The top six South Korean shipbuilding majors have set sights on achieving carbon neutrality in the sector by 2050, thus joining the global decarbonization push.

Namely, representatives of Samsung Heavy Industries (SHI), Daewoo Shipbuilding & Marine Engineering (DSME), Hyundai Heavy Industries, Hyundai Samho Heavy Industries, Hyundai Mipo Heavy Industries as well as STX Offshore & Shipbuilding released yesterday a joint declaration, vowing to make their businesses carbon neutral.

Hyundai Heavy Industries
Illustration; Image by Offshore Energy

The carbon neutrality committee is supported by industry stakeholders including Byeong-Cheol Lee, Executive Vice Chairman Korea Offshore & Shipbuilding Association (KOSHIPA).

The participating companies promised to reduce greenhouse gas emissions both from their own operations as well as their cleints and their respective suppliers.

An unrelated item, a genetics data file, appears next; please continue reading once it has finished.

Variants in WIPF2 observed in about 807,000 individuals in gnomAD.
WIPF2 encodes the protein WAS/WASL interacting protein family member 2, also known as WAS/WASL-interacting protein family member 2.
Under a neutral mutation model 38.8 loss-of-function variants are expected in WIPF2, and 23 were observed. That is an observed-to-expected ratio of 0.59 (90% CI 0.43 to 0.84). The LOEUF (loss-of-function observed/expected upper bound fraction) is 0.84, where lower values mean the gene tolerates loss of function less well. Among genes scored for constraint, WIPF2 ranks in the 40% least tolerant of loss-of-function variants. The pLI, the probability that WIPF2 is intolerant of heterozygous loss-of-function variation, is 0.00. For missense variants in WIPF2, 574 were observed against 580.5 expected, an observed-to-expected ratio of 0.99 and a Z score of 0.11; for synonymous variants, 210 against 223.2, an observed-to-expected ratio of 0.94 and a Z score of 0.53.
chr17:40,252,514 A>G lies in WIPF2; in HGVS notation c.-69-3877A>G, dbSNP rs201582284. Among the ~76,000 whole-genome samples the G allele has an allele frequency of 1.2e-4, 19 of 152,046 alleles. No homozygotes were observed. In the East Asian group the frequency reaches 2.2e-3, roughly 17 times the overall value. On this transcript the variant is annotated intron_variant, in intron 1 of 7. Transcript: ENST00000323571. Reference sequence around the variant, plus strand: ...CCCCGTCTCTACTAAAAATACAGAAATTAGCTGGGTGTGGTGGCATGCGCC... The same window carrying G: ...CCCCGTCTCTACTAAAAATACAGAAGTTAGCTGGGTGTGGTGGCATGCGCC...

In order to do so, the companies plan to increase the use of renewable energy in their production processes, switch focus on the construction of eco-friendly ships powered by alternative fuels and develop specialized energy monitoring systems for the shipbuilding process.

The efforts are expected to be spurred by the governmental support.

Specifically, the Ministry of Trade, Industry, and Energy of South Korea said it would establish a vision and strategy for the transition to a carbon-neutral industry in 2050.

The ministry laid out several other steps in implementing the strategy, which will include the organization and operation of a private-private consultative body for each industry, enacting a special law for the transition to a carbon-neutral industrial structure, promoting large-scale R&D projects, and preparing corporate support measures.

Estimates show that the shipbuilding industry accounted for the emission of 2.08 million tons of GHG on an annual basis in 2017. Sixty percent of this proportion falls onto the direct power used in the production process, with 24% is ascribed to liquid fuels for trial runs.

This post appeared first on Offshore Energy.

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